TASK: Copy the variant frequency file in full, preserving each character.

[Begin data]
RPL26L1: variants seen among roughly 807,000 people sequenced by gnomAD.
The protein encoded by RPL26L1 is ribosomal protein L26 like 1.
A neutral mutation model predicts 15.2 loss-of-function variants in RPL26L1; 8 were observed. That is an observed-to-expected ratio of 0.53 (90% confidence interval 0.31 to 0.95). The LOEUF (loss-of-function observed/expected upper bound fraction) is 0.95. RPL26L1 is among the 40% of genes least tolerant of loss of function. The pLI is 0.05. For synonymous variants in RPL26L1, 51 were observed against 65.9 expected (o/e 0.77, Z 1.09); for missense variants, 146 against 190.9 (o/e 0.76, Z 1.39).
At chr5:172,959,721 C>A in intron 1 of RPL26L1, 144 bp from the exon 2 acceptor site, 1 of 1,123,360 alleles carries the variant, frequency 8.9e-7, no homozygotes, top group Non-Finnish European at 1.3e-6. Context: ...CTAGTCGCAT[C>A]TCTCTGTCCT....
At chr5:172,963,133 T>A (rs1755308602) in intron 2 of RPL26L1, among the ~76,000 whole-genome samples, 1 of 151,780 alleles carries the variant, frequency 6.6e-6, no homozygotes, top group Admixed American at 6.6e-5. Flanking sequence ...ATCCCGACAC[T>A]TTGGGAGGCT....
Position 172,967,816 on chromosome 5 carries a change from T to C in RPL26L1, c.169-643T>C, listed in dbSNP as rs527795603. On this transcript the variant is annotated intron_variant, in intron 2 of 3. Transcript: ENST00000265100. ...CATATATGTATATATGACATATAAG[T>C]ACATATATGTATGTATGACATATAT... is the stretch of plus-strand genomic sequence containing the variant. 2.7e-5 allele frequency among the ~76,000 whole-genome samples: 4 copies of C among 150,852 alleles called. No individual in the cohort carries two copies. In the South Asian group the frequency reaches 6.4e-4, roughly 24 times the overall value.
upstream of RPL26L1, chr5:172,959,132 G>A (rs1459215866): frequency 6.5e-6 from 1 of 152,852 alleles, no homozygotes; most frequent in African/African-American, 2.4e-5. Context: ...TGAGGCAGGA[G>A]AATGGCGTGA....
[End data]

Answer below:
RPL26L1: variants seen among roughly 807,000 people sequenced by gnomAD.
The protein encoded by RPL26L1 is ribosomal protein L26 like 1.
A neutral mutation model predicts 15.2 loss-of-function variants in RPL26L1; 8 were observed. That is an observed-to-expected ratio of 0.53 (90% confidence interval 0.31 to 0.95). The LOEUF (loss-of-function observed/expected upper bound fraction) is 0.95. RPL26L1 is among the 40% of genes least tolerant of loss of function. The pLI is 0.05. For synonymous variants in RPL26L1, 51 were observed against 65.9 expected (o/e 0.77, Z 1.09); for missense variants, 146 against 190.9 (o/e 0.76, Z 1.39).
At chr5:172,959,721 C>A in intron 1 of RPL26L1, 144 bp from the exon 2 acceptor site, 1 of 1,123,360 alleles carries the variant, frequency 8.9e-7, no homozygotes, top group Non-Finnish European at 1.3e-6. Context: ...CTAGTCGCAT[C>A]TCTCTGTCCT....
At chr5:172,963,133 T>A (rs1755308602) in intron 2 of RPL26L1, among the ~76,000 whole-genome samples, 1 of 151,780 alleles carries the variant, frequency 6.6e-6, no homozygotes, top group Admixed American at 6.6e-5. Flanking sequence ...ATCCCGACAC[T>A]TTGGGAGGCT....
Position 172,967,816 on chromosome 5 carries a change from T to C in RPL26L1, c.169-643T>C, listed in dbSNP as rs527795603. On this transcript the variant is annotated intron_variant, in intron 2 of 3. Transcript: ENST00000265100. ...CATATATGTATATATGACATATAAG[T>C]ACATATATGTATGTATGACATATAT... is the stretch of plus-strand genomic sequence containing the variant. 2.7e-5 allele frequency among the ~76,000 whole-genome samples: 4 copies of C among 150,852 alleles called. No individual in the cohort carries two copies. In the South Asian group the frequency reaches 6.4e-4, roughly 24 times the overall value.
upstream of RPL26L1, chr5:172,959,132 G>A (rs1459215866): frequency 6.5e-6 from 1 of 152,852 alleles, no homozygotes; most frequent in African/African-American, 2.4e-5. Context: ...TGAGGCAGGA[G>A]AATGGCGTGA....